Productivity is affected by stress and dissatisfaction. And these feelings can be reinforced in an office – people will begin to see themselves as cogs in a machine. Productivity drops especially in a corporate environment, where people can easily start feeling like cogs in a machine. All that starts to matter are the deadlines and client satisfaction, while their own is severely neglected.
There are multiple ways to address office productivity. Some are easy to implement, and yield great results, as you’re about to see.
Table of contents:
- Physical space productivity boosters
- Other forms of productivity boosting
- In conclusion
Physical space productivity boosters
Allow people some personal decorative choices
Regardless of whether you have an open plan office or designated office spaces for different teams, you should give each employee a chance to express themselves.
They should be encouraged to personalize the space as much as they need, to feel more relaxed. Some will choose not to, as it reinforces their feeling of being at an office, which is also fine. But for others, a few desk plants, photos, a pinboard, figurines or as little as their personal mug can go a long way. These items are also a great conversation starter.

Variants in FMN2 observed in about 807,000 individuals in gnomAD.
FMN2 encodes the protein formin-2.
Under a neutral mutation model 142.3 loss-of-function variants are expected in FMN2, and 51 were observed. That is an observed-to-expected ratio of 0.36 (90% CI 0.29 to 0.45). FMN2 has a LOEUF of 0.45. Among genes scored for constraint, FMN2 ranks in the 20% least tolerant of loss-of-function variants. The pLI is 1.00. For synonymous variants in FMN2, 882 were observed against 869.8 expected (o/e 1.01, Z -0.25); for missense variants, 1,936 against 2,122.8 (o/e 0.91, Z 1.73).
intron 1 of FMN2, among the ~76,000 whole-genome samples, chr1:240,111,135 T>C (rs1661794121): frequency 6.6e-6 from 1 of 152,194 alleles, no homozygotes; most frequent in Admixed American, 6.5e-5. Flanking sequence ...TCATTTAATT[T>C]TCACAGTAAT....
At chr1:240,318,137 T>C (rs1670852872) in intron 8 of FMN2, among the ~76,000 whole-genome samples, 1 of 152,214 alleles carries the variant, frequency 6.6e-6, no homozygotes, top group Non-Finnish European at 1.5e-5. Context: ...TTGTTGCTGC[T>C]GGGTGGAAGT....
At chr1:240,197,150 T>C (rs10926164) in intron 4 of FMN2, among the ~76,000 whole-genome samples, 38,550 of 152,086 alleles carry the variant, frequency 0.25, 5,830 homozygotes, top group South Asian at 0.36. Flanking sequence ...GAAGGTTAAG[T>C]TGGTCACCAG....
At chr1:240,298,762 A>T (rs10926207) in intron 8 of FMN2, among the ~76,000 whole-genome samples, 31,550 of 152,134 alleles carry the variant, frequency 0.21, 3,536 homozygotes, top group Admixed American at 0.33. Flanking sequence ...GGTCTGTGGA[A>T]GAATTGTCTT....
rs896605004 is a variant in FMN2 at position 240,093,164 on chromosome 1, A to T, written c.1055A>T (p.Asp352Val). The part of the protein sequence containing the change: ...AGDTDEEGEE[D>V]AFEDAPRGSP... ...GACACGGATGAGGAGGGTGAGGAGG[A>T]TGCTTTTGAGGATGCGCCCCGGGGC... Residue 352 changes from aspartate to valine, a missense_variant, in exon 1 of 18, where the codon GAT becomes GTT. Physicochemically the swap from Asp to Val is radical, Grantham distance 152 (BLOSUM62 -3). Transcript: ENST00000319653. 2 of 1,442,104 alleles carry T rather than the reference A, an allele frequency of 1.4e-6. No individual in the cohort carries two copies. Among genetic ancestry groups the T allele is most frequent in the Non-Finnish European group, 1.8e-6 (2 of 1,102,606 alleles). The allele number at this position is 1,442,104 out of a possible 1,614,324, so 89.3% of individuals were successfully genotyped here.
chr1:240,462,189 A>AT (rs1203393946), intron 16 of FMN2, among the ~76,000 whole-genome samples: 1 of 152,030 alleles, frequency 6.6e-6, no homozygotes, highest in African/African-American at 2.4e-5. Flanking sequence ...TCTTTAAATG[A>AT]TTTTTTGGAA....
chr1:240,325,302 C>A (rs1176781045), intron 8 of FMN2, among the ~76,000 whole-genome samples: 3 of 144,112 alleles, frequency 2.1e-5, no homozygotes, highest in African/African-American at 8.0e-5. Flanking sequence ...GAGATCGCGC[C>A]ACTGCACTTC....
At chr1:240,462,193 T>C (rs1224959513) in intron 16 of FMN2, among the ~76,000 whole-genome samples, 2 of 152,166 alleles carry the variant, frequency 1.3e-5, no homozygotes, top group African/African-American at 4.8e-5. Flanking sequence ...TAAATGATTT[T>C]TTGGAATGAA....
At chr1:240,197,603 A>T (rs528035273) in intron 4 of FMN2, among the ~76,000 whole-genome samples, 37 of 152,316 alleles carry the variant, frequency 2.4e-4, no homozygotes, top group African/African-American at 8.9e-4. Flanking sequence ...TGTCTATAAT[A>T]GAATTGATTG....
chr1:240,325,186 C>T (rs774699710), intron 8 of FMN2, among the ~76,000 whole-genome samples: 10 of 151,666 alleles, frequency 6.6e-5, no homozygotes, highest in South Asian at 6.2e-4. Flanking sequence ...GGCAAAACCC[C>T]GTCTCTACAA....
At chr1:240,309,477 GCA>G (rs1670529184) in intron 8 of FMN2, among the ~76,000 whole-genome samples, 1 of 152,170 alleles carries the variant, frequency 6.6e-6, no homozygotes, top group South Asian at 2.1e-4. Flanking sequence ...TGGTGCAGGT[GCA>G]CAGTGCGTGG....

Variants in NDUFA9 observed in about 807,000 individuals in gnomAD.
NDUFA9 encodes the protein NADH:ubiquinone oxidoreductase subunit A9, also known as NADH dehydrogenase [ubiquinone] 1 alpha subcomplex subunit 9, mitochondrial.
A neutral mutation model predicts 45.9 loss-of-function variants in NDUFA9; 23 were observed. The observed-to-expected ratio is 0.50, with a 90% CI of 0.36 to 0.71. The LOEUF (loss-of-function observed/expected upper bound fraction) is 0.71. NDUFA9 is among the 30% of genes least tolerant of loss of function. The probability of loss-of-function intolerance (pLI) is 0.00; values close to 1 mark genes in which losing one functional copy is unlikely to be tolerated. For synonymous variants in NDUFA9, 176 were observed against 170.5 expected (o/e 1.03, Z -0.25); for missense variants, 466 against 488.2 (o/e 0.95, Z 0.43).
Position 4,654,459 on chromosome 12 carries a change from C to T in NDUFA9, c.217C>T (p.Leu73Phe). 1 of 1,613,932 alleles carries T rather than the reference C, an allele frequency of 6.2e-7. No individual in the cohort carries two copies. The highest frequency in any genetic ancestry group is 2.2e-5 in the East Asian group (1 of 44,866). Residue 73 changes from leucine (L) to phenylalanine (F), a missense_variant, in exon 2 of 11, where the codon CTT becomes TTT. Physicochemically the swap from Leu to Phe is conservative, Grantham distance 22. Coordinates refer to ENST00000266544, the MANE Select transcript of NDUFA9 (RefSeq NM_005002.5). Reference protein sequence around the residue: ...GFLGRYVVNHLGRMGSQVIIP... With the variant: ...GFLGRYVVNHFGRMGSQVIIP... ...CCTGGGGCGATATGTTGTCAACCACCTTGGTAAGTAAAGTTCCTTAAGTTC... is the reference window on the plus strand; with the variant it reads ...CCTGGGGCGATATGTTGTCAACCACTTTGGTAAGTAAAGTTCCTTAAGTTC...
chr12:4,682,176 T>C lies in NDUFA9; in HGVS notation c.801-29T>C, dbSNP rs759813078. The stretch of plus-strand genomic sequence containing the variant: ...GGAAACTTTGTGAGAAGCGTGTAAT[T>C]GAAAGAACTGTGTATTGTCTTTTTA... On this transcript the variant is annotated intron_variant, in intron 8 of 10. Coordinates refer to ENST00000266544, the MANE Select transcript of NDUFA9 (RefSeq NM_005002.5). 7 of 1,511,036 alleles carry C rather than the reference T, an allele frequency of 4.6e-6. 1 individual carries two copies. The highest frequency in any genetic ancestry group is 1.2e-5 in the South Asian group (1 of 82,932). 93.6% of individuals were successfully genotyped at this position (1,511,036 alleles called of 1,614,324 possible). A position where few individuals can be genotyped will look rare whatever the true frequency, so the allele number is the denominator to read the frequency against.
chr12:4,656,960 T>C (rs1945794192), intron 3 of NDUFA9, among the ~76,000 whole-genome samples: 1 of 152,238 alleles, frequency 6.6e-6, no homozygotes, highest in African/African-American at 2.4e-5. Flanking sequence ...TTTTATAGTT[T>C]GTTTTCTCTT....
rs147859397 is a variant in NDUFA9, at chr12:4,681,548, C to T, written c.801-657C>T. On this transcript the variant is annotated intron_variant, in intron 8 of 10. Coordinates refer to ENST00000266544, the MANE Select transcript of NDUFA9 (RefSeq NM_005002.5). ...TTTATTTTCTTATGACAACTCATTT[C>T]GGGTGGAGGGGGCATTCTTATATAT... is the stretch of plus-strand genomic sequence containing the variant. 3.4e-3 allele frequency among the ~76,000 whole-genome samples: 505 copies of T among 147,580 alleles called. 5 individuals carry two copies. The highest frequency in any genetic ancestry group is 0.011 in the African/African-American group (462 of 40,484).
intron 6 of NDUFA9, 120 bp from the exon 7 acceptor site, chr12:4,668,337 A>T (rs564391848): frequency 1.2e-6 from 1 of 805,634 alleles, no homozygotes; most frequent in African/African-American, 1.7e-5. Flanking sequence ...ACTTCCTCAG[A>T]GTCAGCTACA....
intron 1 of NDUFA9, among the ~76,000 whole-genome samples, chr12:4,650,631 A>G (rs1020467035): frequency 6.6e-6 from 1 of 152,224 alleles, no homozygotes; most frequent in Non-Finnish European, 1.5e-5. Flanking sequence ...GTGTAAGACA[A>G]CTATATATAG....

Decor brings some color to a person’s workspace, and the individuality they need to feel like a more important part of the company. As a result, they know their work – and them as individuals – are valued more.
Let in plenty of natural light
Remind your employees that the office space isn’t a prison. Just letting daylight in instead of neon lights will remind them of their workday progression, and when it draws to a close. It will push them to finish things on time, while closed-off spaces skew the perception of time, which can lead to more overtime and eventual burnout. As Rachel Hadler for Curbed.com so wittily put it: